The ageing population, lifestyles changes (obesity, low levels of activity), ethnic mix and increased survival of previous fatal events has resulted in an increase in the number of people with a long term condition (LTC), and is set to rise by a quarter in the next 25 years. Many citizens now live for many years with LTC creating new opportunities and new challenges for knowledge and research. The generic LTC model places the emphasis on engaging the individual in making shared decisions about their care, the delivery of such a model is complex and the resource implications of managing LTCs significant.
The growing prevalence of LTCs and the relationship, in some cases, with individual behaviour, has increased the emphasis on preventive and public health approaches as the basis for human well-being. Improving early intervention, clinical provision and rehabilitation of those with LTCs, is essential to reduce the service demands. Indeed, KH&P is interested in the way that services are delivered which has critical implications for the training and deployment of health professionals, volunteers and the engagement of patients and carers in care-planning.
Whilst the breadth of knowledge originating from this research theme surrounds people managing a LTC, health information generally, the provision and access to information at a time that is relevant to and useful to an individual underpin the research focus. Transdisciplinary research bringing together digital and social media expertise with health information specialists and clinicians has extended our knowledge and understanding of health information provision and the use of digital and social media. This is transferrable knowledge and has been investigated in other groups than just LTC; such as pregnant women/new mothers, young women access to cervical screening, LGBT community.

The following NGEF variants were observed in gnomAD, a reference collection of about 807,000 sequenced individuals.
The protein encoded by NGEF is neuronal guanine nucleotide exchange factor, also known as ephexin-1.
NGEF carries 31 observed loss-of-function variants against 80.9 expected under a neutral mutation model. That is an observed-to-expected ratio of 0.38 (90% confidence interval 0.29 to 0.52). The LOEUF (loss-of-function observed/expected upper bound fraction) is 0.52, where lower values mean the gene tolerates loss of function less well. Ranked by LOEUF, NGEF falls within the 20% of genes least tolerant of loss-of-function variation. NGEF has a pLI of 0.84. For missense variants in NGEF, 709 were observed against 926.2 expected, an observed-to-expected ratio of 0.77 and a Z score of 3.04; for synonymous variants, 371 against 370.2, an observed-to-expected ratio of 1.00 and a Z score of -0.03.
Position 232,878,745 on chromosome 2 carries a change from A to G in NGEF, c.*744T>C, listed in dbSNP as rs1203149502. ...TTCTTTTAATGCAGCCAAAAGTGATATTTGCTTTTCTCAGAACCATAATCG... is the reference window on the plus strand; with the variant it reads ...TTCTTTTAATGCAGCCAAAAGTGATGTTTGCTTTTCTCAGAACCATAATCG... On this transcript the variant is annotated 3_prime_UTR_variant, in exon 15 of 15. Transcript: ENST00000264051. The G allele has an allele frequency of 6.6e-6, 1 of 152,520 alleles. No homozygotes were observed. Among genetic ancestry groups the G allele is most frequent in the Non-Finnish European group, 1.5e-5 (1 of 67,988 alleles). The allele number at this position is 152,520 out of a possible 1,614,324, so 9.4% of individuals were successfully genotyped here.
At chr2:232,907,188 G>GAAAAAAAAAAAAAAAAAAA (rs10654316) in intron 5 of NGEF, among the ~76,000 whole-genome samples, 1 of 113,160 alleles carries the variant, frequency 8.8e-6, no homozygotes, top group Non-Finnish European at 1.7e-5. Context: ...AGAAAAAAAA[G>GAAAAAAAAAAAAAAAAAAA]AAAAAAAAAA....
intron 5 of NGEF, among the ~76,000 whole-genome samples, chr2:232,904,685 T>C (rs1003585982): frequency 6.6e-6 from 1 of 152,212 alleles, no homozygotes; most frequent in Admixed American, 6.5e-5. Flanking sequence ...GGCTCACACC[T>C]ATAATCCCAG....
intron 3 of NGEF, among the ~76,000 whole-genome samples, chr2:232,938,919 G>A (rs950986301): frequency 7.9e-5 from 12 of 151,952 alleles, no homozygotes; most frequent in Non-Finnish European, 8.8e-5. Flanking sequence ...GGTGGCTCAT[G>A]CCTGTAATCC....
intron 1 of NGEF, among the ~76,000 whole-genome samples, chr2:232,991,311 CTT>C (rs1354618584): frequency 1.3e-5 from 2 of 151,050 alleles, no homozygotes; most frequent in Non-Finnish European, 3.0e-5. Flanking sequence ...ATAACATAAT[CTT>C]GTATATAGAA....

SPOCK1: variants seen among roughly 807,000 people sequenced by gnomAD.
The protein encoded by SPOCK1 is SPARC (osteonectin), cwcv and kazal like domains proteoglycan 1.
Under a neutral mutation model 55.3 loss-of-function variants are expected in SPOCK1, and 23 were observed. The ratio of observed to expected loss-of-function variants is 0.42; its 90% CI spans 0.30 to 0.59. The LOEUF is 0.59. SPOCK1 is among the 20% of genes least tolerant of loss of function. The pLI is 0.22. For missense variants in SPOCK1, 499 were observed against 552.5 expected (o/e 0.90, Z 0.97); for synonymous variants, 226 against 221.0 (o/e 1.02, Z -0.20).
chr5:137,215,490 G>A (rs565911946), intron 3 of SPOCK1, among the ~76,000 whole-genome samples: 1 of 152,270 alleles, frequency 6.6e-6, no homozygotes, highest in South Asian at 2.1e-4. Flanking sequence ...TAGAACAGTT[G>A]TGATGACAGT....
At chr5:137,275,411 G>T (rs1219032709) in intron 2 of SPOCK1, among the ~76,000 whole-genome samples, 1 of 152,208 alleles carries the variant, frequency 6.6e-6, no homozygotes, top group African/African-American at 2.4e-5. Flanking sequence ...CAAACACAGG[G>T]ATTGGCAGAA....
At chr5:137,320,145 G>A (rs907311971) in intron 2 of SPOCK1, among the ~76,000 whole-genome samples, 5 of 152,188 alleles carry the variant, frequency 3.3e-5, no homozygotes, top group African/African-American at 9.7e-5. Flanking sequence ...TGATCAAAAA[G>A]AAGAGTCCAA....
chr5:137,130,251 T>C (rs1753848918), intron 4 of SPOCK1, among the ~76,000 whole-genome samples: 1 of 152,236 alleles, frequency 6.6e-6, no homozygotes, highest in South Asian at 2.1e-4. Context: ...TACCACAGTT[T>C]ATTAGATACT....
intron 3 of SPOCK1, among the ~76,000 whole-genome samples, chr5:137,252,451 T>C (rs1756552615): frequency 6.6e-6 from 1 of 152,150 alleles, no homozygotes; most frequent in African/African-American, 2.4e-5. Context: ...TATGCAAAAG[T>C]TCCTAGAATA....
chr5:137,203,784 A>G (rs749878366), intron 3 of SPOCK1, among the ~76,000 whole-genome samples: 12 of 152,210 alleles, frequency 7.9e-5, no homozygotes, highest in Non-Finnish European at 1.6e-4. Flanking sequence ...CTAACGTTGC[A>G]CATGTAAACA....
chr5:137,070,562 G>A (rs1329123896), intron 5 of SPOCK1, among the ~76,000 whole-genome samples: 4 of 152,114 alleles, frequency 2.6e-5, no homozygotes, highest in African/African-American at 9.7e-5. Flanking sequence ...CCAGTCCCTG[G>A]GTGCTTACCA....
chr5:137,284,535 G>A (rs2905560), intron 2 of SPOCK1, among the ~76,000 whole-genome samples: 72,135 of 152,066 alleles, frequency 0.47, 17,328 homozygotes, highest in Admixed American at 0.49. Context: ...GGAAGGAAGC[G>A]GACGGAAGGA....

The research programme explores health information, patient choice, supported self-care, integration and cross boundary working to improve outcomes for individuals, producing a more effective and efficient health and social care.